Further only his and her are allowed to refer back noun in possessive noun case.


A pronoun can refer to a possessive. That's acceptable in GMAT. Here 'him' refer to the lawmaker from lawmaker's.
A is correct.
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Re: The idea behind the Personal Long Letter campaign is that a [#permalink] New post 11 Jun 2014, 22:40
In the Sentence 'him' is included which leads to (possessive) pronoun ambiguity to avoid this I prefer B to A.

Experts can you please mention in such cases should we overlook the small errors ????
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Re: The idea behind the Personal Long Letter campaign is that a [#permalink] New post 11 Jun 2014, 22:43
ConnectTheDots wrote:
PiyushK wrote:
I have a doubt: to whom this pronoun him is referring in the sentence.

As per the meaning it should refer to Lawmaker but sentence doesn't have such noun antecedent.

Further only his and her are allowed to refer back noun in possessive noun case.


A pronoun can refer to a possessive. That's acceptable in GMAT. Here 'him' refer to the lawmaker from lawmaker's.
A is correct.



According to Aristotle SC -- him can not refer to the noun(subject) in the sentence where as we can use his/her to refer to the noun or possessive pronoun. Please correct me ..
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Re: The idea behind the Personal Long Letter campaign is that a [#permalink] New post 24 Jun 2014, 04:43
I am confused ,according to me " a half-dozen banded together" should be singular as it shows a collection.
Pls help
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Re: The idea behind the Personal Long Letter campaign is that a [#permalink] New post 07 Jul 2014, 11:23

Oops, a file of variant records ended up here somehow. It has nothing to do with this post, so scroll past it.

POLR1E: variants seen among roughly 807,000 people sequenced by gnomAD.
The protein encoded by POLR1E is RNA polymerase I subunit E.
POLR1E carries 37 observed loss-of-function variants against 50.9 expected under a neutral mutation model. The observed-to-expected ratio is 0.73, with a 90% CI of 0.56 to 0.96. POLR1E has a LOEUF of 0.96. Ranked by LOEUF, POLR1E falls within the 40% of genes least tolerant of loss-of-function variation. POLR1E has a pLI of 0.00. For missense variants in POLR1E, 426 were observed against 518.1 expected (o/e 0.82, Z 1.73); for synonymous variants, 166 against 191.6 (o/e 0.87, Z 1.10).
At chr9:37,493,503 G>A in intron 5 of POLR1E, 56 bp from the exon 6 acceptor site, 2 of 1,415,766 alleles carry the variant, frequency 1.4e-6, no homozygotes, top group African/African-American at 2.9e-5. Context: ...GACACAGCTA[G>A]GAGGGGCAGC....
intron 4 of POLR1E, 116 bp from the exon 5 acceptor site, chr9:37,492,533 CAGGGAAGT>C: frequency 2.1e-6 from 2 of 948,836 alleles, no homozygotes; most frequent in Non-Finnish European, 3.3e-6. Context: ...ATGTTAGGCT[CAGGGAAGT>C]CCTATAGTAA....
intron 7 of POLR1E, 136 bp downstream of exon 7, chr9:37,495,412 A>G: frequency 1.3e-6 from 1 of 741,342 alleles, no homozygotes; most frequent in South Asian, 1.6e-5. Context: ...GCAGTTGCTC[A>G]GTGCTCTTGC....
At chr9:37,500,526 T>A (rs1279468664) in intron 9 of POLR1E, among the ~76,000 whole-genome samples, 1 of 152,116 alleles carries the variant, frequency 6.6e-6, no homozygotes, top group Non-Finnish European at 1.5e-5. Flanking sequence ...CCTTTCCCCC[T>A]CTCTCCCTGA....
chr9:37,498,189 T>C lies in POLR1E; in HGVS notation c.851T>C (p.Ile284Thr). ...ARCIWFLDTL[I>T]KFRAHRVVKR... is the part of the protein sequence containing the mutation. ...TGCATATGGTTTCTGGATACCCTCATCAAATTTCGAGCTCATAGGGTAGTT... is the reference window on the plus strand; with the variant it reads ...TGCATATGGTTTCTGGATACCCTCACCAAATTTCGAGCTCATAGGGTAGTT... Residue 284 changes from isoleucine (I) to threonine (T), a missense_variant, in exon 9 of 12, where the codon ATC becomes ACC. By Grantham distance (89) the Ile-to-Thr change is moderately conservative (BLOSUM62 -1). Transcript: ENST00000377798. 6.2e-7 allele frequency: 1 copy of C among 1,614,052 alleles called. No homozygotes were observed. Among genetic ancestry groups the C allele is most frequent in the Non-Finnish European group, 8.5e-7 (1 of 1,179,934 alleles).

bibha wrote:
The idea behind the Personal Long Letter campaign is that a single impassioned constituent may sway a lawmaker’s opinion, whereas a half-dozen banded together only causes him alarm.
 a half-dozen banded together only causes him alarm
 only alarm is caused by a half-dozen banded together
 only alarm has been caused by a half-dozen banded together
 a half-dozen banded together only cause him alarm
 a half-dozen have caused him only alarm when banded together


The rule for collective nouns is this: Use a singular verb when the group is considered as a unit acting together. Use a plural verb when the individual members of the group are acting separately.

now banded together literally means combined, so the option A becomes

(A) a half-dozen (constituents) combined only causes him alarm
here the half-dozen constituents are acting collectively, hence a singular verb causes is appropriate.

Other examples are

(a) The committee insists on having its proposal presented to the mayor.
(b) The committee are still arguing over whom to send as their representative to the mayor.
P.S. : You need more than 1 person to have an argument.
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Re: The idea behind the Personal Long Letter campaign is that a [#permalink] New post 12 Jul 2014, 03:16
bibha wrote:
The idea behind the Personal Long Letter campaign is that a single impassioned constituent may sway a lawmaker’s opinion, whereas a half-dozen banded together only causes him alarm.
 a half-dozen banded together only causes him alarm
 only alarm is caused by a half-dozen banded together
 only alarm has been caused by a half-dozen banded together
 a half-dozen banded together only cause him alarm
 a half-dozen have caused him only alarm when banded together



How can "him" a pronoun be correct here ? since the subject is possessive , is the usage of him/he/etc correct ? I know wthat possessive noun such as "his" is correct. Where's the gap in my understanding ? :shock:
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Re: The idea behind the Personal Long Letter campaign is that a   [#permalink] 12 Jul 2014, 03:16